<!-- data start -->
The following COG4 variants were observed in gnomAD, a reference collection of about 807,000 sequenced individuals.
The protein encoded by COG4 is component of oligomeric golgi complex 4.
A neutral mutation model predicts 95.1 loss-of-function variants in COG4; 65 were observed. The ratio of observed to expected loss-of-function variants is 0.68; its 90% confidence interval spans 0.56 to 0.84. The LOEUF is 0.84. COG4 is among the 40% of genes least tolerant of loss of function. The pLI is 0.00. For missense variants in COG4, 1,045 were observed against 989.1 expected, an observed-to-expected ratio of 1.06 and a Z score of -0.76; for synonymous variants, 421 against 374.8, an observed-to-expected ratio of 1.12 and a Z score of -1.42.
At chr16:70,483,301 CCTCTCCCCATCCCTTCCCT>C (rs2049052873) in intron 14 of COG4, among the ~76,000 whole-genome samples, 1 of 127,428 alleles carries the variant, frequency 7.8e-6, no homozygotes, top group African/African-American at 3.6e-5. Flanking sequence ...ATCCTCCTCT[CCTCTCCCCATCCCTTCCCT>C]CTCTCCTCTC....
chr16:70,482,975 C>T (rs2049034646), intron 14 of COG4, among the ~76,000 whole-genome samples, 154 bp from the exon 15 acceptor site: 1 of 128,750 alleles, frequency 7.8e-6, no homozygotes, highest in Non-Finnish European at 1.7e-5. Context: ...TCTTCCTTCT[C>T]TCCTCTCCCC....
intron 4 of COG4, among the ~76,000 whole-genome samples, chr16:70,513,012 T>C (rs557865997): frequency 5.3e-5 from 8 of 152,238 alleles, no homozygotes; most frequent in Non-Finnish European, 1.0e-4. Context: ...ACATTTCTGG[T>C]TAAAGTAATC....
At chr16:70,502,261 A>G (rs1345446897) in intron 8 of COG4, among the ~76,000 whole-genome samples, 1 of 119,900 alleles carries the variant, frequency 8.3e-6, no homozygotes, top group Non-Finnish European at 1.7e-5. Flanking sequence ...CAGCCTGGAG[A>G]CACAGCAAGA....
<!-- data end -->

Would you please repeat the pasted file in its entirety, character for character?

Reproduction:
The following COG4 variants were observed in gnomAD, a reference collection of about 807,000 sequenced individuals.
The protein encoded by COG4 is component of oligomeric golgi complex 4.
A neutral mutation model predicts 95.1 loss-of-function variants in COG4; 65 were observed. The ratio of observed to expected loss-of-function variants is 0.68; its 90% confidence interval spans 0.56 to 0.84. The LOEUF is 0.84. COG4 is among the 40% of genes least tolerant of loss of function. The pLI is 0.00. For missense variants in COG4, 1,045 were observed against 989.1 expected, an observed-to-expected ratio of 1.06 and a Z score of -0.76; for synonymous variants, 421 against 374.8, an observed-to-expected ratio of 1.12 and a Z score of -1.42.
At chr16:70,483,301 CCTCTCCCCATCCCTTCCCT>C (rs2049052873) in intron 14 of COG4, among the ~76,000 whole-genome samples, 1 of 127,428 alleles carries the variant, frequency 7.8e-6, no homozygotes, top group African/African-American at 3.6e-5. Flanking sequence ...ATCCTCCTCT[CCTCTCCCCATCCCTTCCCT>C]CTCTCCTCTC....
chr16:70,482,975 C>T (rs2049034646), intron 14 of COG4, among the ~76,000 whole-genome samples, 154 bp from the exon 15 acceptor site: 1 of 128,750 alleles, frequency 7.8e-6, no homozygotes, highest in Non-Finnish European at 1.7e-5. Context: ...TCTTCCTTCT[C>T]TCCTCTCCCC....
intron 4 of COG4, among the ~76,000 whole-genome samples, chr16:70,513,012 T>C (rs557865997): frequency 5.3e-5 from 8 of 152,238 alleles, no homozygotes; most frequent in Non-Finnish European, 1.0e-4. Context: ...ACATTTCTGG[T>C]TAAAGTAATC....
At chr16:70,502,261 A>G (rs1345446897) in intron 8 of COG4, among the ~76,000 whole-genome samples, 1 of 119,900 alleles carries the variant, frequency 8.3e-6, no homozygotes, top group Non-Finnish European at 1.7e-5. Flanking sequence ...CAGCCTGGAG[A>G]CACAGCAAGA....